By 6th grader Luca
From the start of this exciting new trimester, Division 1 has been rapidly learning about the first World War. It’s exciting and captivating to learn about such a tragic and significant conflict. At the beginning of the Great War, there was a great sense of anticipation, since many countries expected and even hoped for a war. This feeling was very similar to what I, and other Division 1 students, were feeling before we started our “Great Powers” simulation.
The Great Powers simulation is a game where each student is assigned a country, and some of us worked in pairs. We all were given a certain amount of colonies, army, military, and industry, which reflected those of our real nation. Jack and I were given the role of the Ottoman Empire. Each country got a sheet describing which countries we were friends with, our enemies, and our main goals. Jack and I were confident; we had good colonies and industry, plus we had not done anything to make any enemies. Catherine then announced that the first year of the game had started. The countries scrambled to make allies and plan their attacks.
The main goal of the game is to obtain more power -- obviously, for this game is called “Great Powers.” One way to do this is to go to war, since the victors can take anything they like from the defeated. The Ottoman Empire, being opposed to war, was confident that we would be safe…boy, were we wrong.
Great Britain declared war within in the first year of the simulation (a “year” is about 5-10 minutes). The Ottoman Empire was unprepared, although Japan and the United States joined us in war. Great Britain and her allies slaughtered us, leaving us with nothing. They took everything from us. Jack and I sadly slumped back into our chairs, examining our one remaining industry card. Soon one of our closest allies, France, approached us; they were breaking their alliance with us for we had no purpose anymore. Now that made us angry. At our worst, France, a long-held friend (at least according to our country sheet) had broken their alliance with us.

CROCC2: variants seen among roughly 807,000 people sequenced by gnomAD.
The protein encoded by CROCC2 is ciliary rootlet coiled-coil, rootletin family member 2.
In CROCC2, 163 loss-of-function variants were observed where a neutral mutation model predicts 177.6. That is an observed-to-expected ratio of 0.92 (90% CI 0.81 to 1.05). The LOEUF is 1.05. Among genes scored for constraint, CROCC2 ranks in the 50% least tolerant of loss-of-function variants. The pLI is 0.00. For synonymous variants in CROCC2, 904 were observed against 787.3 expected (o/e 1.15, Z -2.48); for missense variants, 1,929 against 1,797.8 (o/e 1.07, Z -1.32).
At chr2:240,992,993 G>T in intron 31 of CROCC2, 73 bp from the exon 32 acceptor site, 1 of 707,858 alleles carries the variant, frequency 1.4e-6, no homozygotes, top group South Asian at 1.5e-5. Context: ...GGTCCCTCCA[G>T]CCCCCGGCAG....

Jack and I spent a year (remember, that’s a “year”) rebuilding our country. We made alliances with Germany, Austria-Hungary, and Italy. We were so desperate for help that we stopped paying attention to our country sheet. It was two years after the first World War when France declared that we shall fight in battle against each other, but little did they know were prepared. Our trusted allies had informed us that Jance (a new country formed when France and Japan combined) were going to war against us. At this point, the game started to feel more personal and intense. I got mad at my friends and really competitive. When France declared war, none of their allies went with them because they were allied with us. Every single country stood by our side in war. We slaughtered France, and Germany invaded them. France was left as barely a country. It had to give up all its resources, and Germany was in control. I felt bad for France, but I realized -- and it was a scary realization -- that I liked feeling mean more than feeling sad. I felt in control.
I decided that Jack and I should follow our paper better. We broke alliances with several countries and tried to stay out of the other wars. Germany got even more powerful and eventually overran even the United States and Great Britain. But having stepped back from the action, I felt relaxed. I realized that no matter what, even if it's a game, I did not enjoy any aspect of war.
Germany declared the last Great War. It was brutal and left us with nothing but our army. We had to surrender. We were no match for Austria-Hungary, Italy, and Germany combined.
The simulation has taught me a lot. World War 1 was so dark and intense, even getting a tiny glimpse into what it was like between 1914 and 1918 was educational. I got the chance to be at the top and the very bottom, and get some small perspective on what it felt like for countries in both situations. When I was winning the game, I felt mean and dirty, and when I was losing the game, I felt sad and mad at everyone. Did the real leaders of the World War One powers feel this way? Can losing a Great War -- like we did in the simulation -- make a country act as we did, using our weakness and hurt only to justify revenge?